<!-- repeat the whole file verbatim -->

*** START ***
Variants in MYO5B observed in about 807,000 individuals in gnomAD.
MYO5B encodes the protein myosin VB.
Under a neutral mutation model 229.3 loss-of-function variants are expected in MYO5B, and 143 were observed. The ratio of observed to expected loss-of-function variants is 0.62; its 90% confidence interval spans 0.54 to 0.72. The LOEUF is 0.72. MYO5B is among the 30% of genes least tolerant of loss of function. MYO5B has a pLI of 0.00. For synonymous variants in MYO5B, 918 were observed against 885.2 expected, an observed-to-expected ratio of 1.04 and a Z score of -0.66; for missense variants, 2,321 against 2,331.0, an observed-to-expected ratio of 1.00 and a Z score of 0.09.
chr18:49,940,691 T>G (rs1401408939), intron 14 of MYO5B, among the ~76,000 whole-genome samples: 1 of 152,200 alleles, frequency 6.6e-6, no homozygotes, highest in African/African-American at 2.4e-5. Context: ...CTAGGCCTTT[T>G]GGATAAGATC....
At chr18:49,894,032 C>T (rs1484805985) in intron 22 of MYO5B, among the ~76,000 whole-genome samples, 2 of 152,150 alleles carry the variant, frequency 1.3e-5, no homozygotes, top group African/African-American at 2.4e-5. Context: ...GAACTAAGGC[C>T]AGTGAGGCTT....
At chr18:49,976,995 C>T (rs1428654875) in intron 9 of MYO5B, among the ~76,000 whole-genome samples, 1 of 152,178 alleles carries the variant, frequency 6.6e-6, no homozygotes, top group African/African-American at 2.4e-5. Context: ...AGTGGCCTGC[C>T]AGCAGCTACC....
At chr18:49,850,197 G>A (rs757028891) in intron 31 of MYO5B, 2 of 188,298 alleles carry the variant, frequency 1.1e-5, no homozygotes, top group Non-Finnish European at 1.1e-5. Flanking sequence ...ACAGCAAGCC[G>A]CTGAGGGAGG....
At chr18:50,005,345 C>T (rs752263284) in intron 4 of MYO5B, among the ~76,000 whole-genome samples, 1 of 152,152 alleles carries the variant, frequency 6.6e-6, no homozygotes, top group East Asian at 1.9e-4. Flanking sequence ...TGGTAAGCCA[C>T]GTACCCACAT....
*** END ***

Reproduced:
Variants in MYO5B observed in about 807,000 individuals in gnomAD.
MYO5B encodes the protein myosin VB.
Under a neutral mutation model 229.3 loss-of-function variants are expected in MYO5B, and 143 were observed. The ratio of observed to expected loss-of-function variants is 0.62; its 90% confidence interval spans 0.54 to 0.72. The LOEUF is 0.72. MYO5B is among the 30% of genes least tolerant of loss of function. MYO5B has a pLI of 0.00. For synonymous variants in MYO5B, 918 were observed against 885.2 expected, an observed-to-expected ratio of 1.04 and a Z score of -0.66; for missense variants, 2,321 against 2,331.0, an observed-to-expected ratio of 1.00 and a Z score of 0.09.
chr18:49,940,691 T>G (rs1401408939), intron 14 of MYO5B, among the ~76,000 whole-genome samples: 1 of 152,200 alleles, frequency 6.6e-6, no homozygotes, highest in African/African-American at 2.4e-5. Context: ...CTAGGCCTTT[T>G]GGATAAGATC....
At chr18:49,894,032 C>T (rs1484805985) in intron 22 of MYO5B, among the ~76,000 whole-genome samples, 2 of 152,150 alleles carry the variant, frequency 1.3e-5, no homozygotes, top group African/African-American at 2.4e-5. Context: ...GAACTAAGGC[C>T]AGTGAGGCTT....
At chr18:49,976,995 C>T (rs1428654875) in intron 9 of MYO5B, among the ~76,000 whole-genome samples, 1 of 152,178 alleles carries the variant, frequency 6.6e-6, no homozygotes, top group African/African-American at 2.4e-5. Context: ...AGTGGCCTGC[C>T]AGCAGCTACC....
At chr18:49,850,197 G>A (rs757028891) in intron 31 of MYO5B, 2 of 188,298 alleles carry the variant, frequency 1.1e-5, no homozygotes, top group Non-Finnish European at 1.1e-5. Flanking sequence ...ACAGCAAGCC[G>A]CTGAGGGAGG....
At chr18:50,005,345 C>T (rs752263284) in intron 4 of MYO5B, among the ~76,000 whole-genome samples, 1 of 152,152 alleles carries the variant, frequency 6.6e-6, no homozygotes, top group East Asian at 1.9e-4. Flanking sequence ...TGGTAAGCCA[C>T]GTACCCACAT....